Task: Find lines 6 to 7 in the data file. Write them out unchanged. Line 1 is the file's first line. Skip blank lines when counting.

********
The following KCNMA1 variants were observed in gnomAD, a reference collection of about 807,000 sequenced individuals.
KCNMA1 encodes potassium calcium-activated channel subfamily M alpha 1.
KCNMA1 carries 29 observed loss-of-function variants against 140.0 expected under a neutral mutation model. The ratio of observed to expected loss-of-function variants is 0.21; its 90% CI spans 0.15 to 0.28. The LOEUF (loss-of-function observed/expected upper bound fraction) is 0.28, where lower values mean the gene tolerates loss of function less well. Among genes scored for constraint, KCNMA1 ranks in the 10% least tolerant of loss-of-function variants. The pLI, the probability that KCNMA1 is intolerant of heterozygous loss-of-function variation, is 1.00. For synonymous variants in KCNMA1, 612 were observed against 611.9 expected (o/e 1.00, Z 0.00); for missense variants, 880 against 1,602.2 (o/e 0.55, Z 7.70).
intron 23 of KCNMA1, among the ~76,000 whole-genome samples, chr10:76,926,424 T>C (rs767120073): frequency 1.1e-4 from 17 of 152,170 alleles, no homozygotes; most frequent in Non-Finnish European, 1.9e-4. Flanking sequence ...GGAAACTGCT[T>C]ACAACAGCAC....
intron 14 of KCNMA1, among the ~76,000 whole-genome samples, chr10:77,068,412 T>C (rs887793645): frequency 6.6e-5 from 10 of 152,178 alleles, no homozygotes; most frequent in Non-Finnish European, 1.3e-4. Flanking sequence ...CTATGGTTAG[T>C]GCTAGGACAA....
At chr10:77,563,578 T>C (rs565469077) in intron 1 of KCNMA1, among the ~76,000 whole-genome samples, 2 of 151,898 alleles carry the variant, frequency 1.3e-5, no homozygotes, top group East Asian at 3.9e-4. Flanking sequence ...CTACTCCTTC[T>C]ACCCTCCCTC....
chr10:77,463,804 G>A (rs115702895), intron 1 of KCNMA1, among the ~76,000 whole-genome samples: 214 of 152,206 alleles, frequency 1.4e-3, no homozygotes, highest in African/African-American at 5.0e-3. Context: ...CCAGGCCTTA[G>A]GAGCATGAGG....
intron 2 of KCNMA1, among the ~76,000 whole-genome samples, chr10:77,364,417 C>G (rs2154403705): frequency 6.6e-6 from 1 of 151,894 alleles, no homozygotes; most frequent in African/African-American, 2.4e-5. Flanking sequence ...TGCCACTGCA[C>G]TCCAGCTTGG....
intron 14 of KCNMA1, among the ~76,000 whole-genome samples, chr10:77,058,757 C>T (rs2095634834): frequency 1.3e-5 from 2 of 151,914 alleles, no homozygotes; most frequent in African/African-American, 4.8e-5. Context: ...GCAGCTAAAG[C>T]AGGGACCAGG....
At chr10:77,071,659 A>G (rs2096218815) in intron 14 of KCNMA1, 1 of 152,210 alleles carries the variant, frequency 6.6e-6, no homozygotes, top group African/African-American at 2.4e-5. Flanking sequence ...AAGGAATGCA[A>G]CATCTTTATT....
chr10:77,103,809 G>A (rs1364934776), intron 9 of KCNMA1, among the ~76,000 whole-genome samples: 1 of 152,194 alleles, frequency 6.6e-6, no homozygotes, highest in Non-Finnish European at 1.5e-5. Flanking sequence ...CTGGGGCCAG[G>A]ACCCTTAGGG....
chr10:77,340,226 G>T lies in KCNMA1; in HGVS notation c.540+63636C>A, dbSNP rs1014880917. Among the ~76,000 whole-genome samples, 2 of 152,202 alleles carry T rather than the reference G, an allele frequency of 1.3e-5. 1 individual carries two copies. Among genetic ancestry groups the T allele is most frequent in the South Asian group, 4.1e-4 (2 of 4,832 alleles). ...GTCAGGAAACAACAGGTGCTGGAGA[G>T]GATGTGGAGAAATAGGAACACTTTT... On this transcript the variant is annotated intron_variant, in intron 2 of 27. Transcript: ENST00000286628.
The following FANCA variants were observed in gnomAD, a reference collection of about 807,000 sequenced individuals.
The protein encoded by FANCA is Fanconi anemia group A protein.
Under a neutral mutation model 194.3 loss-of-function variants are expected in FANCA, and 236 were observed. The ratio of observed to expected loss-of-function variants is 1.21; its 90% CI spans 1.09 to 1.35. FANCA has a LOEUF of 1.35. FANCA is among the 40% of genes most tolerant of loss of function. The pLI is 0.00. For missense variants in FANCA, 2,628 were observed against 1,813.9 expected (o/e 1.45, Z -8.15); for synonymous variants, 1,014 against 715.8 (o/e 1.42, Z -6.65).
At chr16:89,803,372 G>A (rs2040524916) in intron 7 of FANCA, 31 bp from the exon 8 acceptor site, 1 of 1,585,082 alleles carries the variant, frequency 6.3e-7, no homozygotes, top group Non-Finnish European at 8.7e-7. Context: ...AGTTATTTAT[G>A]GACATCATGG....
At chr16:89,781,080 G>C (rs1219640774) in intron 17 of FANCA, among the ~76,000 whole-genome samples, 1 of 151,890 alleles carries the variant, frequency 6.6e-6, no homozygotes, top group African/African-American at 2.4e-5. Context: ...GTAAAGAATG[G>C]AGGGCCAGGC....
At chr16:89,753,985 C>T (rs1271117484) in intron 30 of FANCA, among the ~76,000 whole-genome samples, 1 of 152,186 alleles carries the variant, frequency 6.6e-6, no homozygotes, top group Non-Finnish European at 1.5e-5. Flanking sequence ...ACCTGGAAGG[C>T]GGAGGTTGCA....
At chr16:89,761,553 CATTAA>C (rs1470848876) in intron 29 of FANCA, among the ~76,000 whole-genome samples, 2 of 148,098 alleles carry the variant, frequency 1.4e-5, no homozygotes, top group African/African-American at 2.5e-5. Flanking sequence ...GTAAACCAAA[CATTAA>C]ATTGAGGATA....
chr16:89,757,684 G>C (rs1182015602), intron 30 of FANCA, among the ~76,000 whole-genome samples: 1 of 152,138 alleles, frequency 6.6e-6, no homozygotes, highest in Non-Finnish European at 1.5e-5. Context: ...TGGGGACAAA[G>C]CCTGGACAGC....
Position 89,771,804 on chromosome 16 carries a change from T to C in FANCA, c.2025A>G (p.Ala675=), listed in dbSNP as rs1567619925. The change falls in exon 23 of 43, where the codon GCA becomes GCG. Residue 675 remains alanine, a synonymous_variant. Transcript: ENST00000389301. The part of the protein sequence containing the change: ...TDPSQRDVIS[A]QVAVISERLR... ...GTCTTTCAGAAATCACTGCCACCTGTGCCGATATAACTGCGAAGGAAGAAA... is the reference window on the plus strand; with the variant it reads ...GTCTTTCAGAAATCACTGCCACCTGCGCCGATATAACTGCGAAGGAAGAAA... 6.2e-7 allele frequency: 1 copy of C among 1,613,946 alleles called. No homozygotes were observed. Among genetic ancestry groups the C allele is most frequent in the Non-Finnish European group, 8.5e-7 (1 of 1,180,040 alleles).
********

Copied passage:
At chr10:77,563,578 T>C (rs565469077) in intron 1 of KCNMA1, among the ~76,000 whole-genome samples, 2 of 151,898 alleles carry the variant, frequency 1.3e-5, no homozygotes, top group East Asian at 3.9e-4. Flanking sequence ...CTACTCCTTC[T>C]ACCCTCCCTC....
chr10:77,463,804 G>A (rs115702895), intron 1 of KCNMA1, among the ~76,000 whole-genome samples: 214 of 152,206 alleles, frequency 1.4e-3, no homozygotes, highest in African/African-American at 5.0e-3. Context: ...CCAGGCCTTA[G>A]GAGCATGAGG....